Framing describes how a human, with exactly the same information, can end up arriving at two different conclusions.
You might think this impossible, but some examples will make it very obvious!
Which sounds healthier?
- Meat with 25% fat
- Meat 75% fat-free
Which raffle would you join?
- There are 5 winners for every 1000 people?
- 995 losers per 1000 people?
As you can see, the way something is presented can drastically change how we view it.
Framing in Business
Beyond the strict definition of Framing, you can consider a 'Frame' everything that surrounds the object in question.
In a conversation, the 'object' is what you say, while the 'frame' is what you wear, where you are, etcAs a result, .In Business, the 'object' is the product you're trying to sell, and the 'frame' is everything else, from the look of the store and, the idea that you're trying to market, etc.
Marketing and advertising take full advantage of these principles, by associating products and brands with ideas and using color theory to influence our emotions.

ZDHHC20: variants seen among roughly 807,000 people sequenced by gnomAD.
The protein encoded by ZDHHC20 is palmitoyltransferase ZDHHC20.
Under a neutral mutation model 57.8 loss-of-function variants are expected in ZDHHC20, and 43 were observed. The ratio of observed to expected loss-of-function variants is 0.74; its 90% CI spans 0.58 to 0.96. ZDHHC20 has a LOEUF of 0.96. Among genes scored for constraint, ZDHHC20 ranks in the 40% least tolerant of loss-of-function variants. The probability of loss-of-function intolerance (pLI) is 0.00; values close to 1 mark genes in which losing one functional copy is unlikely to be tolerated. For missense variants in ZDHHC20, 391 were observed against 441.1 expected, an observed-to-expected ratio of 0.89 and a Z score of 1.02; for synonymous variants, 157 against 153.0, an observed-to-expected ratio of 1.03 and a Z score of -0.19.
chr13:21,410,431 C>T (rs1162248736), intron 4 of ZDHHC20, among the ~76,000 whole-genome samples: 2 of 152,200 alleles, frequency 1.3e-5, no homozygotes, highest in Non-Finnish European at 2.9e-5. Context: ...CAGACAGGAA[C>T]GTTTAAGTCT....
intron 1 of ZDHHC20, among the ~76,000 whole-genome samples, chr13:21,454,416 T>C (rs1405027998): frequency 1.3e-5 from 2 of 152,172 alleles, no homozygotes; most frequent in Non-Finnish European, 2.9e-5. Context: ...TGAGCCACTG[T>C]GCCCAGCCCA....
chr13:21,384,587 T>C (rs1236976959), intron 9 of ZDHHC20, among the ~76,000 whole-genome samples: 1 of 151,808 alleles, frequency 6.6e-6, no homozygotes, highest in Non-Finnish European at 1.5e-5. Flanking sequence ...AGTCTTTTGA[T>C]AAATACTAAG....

One way a business can influence somebody else's decision is by changing how they present their price.
Pay for longer
Instead of promoting their new "365$ paid over a year" deal, businesses choose to say "A dollar a day!"As a result, .This makes it seem cheaper, even if we're completely aware that we're going to end up paying 365$ for the product.
The same way discount stores go for 1.99$ instead of 2$, luxury stores can choose to round UP their prices, from 999.99$ to 1000$, which feels more premium and higher quality.
Framing is a very useful tool for businesses because it allows them to present their products and services from a different perspective, giving them an edge against their competition.
From a consumer's perspective, you should learn how it works in order to not fall for psychological tricks!
Thanks for reading!
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